Posted: Thursday, January 20, 2011 12:00 PM
Steve Brown/Capital Press
Rep. Bill Hinkle, R-Cle Elum, center, confers with Rep. Bruce Chandler, R-Granger, left, and Rep. Brian Blake, D-Aberdeen, after a Jan. 12 meeting of the House Agriculture and Natural Resources Committee.
State officials worry new oversight would add to uncertainty
By STEVE BROWN
OLYMPIA -- A bipartisan bill before the Washington State Legislature would require legislative approval of any habitat conservation plan between state agencies and the federal government.
Rep. Bruce Chandler, R-Granger, is the primary sponsor of House Bill 1009, which would give legislators the final say in any plan proposed by a state agency.
"HCPs are comprehensive changes, lasting more than a generation," he said. "They have dramatic consequences."
Because such arrangements deal with the enhancement of the whole state, legislative oversight would ensure participation of the statewide community. "It's reasonable that citizens should be consulted, and the Legislature is the way to do that," Chandler said.
Jennifer Quan, manager of the lands division of the state Department of Fish and Wildlife, said she is concerned that such an oversight process would add uncertainty after time and expenses already have been committed to formulating an HCP.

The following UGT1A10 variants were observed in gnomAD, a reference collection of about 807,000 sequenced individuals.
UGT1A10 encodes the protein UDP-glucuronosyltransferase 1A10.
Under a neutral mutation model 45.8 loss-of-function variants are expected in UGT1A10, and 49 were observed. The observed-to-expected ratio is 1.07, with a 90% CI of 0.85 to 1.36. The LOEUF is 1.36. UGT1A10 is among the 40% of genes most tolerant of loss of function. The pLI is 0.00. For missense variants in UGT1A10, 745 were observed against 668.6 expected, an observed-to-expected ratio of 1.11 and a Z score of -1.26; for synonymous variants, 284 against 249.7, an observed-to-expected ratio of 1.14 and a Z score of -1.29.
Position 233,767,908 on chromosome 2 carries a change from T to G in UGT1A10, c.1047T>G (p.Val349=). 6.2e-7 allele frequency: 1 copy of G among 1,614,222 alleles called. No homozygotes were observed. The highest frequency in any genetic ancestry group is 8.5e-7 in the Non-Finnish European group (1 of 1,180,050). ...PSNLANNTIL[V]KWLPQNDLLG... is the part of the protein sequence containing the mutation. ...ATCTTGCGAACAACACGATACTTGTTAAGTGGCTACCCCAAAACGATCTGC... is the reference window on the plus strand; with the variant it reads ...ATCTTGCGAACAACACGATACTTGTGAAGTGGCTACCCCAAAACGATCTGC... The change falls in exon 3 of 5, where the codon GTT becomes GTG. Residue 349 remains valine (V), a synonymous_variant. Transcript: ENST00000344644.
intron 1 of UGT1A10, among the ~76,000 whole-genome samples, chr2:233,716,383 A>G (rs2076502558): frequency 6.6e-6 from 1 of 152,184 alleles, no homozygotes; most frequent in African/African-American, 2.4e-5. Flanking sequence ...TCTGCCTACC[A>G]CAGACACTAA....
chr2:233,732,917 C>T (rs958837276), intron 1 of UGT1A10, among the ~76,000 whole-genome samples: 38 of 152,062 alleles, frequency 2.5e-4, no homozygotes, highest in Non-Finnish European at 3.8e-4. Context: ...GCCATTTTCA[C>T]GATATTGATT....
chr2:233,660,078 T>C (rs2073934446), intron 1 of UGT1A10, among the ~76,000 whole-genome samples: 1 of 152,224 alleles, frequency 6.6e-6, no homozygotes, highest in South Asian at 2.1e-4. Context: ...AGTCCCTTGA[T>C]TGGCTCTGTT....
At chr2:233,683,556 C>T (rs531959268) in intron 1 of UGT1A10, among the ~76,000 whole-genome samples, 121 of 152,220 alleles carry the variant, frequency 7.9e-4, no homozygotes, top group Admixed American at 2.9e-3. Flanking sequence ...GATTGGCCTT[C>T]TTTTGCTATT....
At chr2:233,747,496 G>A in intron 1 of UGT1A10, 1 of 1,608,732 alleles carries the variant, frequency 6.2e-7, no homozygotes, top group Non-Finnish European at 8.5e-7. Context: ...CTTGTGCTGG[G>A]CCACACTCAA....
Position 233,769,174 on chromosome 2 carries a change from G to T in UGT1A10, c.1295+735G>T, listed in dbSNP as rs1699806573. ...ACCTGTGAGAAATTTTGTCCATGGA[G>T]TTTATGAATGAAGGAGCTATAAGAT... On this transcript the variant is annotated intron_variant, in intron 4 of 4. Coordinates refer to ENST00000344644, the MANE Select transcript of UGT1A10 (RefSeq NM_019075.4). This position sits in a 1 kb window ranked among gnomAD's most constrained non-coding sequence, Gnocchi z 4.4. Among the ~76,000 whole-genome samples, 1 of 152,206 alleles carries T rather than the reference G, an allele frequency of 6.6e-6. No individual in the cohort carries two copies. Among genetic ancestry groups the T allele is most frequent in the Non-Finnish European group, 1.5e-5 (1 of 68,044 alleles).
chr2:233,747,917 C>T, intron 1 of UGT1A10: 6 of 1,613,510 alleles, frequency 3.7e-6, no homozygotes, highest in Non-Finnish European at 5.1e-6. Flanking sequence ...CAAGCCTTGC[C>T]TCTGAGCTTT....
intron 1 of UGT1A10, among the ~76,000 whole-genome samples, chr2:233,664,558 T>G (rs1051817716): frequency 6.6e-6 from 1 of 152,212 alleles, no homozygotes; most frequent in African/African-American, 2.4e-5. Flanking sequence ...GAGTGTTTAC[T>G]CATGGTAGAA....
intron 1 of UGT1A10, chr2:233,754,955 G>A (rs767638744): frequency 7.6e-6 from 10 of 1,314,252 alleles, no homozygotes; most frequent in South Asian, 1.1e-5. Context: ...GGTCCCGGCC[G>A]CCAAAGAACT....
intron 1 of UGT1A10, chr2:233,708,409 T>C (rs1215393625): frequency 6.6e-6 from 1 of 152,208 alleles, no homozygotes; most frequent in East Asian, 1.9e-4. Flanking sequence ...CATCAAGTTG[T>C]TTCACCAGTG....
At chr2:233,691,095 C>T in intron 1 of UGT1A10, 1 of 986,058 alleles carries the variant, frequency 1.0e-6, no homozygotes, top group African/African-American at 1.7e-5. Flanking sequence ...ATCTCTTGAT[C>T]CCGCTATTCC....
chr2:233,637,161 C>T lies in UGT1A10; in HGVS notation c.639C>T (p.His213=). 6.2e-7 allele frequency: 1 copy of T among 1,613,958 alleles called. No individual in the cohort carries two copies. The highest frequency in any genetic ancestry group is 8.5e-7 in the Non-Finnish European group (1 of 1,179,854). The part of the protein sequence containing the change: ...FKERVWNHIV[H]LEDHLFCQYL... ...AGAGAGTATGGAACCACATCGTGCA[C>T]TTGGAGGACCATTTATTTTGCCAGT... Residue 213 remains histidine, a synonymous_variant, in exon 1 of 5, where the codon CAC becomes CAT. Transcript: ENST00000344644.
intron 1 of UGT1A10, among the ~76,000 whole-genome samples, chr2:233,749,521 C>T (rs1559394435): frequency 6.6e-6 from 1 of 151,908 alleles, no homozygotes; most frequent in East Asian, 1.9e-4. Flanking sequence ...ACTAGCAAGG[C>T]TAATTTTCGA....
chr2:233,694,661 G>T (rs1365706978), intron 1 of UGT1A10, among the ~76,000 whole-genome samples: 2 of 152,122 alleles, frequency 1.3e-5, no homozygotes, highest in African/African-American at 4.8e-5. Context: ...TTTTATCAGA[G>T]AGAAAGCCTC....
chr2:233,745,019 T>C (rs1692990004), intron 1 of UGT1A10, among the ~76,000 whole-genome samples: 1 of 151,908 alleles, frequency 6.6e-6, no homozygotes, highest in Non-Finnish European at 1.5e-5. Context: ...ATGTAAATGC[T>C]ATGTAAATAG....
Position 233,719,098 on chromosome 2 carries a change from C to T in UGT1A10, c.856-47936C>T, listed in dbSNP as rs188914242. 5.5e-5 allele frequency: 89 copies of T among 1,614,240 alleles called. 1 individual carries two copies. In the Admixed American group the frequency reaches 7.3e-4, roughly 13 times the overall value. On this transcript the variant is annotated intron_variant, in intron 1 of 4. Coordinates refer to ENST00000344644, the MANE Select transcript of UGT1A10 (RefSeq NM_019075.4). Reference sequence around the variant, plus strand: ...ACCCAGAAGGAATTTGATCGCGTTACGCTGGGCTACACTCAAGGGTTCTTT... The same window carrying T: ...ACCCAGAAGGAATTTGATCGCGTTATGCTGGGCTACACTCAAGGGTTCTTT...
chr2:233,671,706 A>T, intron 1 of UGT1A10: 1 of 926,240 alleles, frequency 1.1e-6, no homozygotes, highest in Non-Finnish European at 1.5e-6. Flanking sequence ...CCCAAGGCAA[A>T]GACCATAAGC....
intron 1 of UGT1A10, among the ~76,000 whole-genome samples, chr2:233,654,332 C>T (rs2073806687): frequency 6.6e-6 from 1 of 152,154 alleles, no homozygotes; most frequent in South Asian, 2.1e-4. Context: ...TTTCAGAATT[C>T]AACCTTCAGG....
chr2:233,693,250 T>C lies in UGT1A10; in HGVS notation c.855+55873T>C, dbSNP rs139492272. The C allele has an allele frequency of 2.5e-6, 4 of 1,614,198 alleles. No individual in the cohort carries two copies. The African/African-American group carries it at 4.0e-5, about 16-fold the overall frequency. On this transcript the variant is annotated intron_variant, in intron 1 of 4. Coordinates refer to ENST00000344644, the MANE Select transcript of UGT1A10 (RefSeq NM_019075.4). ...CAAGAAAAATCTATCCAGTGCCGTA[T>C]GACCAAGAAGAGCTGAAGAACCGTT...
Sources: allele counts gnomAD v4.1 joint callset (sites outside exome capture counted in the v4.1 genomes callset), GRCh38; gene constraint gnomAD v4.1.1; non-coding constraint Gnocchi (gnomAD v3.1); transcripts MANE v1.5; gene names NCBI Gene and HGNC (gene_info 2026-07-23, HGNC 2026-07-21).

The existing procedure already has a public review process and oversight by boards created by the Legislature.
Habitat conservation plans fall under Section 10 of the federal Endangered Species Act. Entities or individuals that engage in "otherwise lawful" activity that may impact an endangered species may need an incidental take permit. The plan spells out how that impact will be minimized or mitigated. It also describes the alternatives that were considered and why they are not being used.
"It's all about risk management," said Steve Landino, director of the state habitat office of the National Marine Fisheries Service. Developing a plan is expensive and usually takes several years, he said.
The plans are consistent with the state Department of Fish and Wildlife's mandate, Quan said. Being consistent with the Endangered Species Act gives the state access to federal funding.
The plans can encompass large amounts of land.
One proposed HCP covers 860,000 acres of Washington state wildlife management area, addressing 32 ESA-listed species and 20 non-listed.
Lisa Veneroso, of the agency's habitat program, said one hydraulic project plan deals with 5 million acres, with 52 fish and shellfish species, both listed and non-listed.
Bridget Moran, with the Department of Natural Resources, said the Forests and Fish Report, one of four HCPs at her agency, covers 9.3 million acres. That's about the area of Delaware, Connecticut and Massachusetts.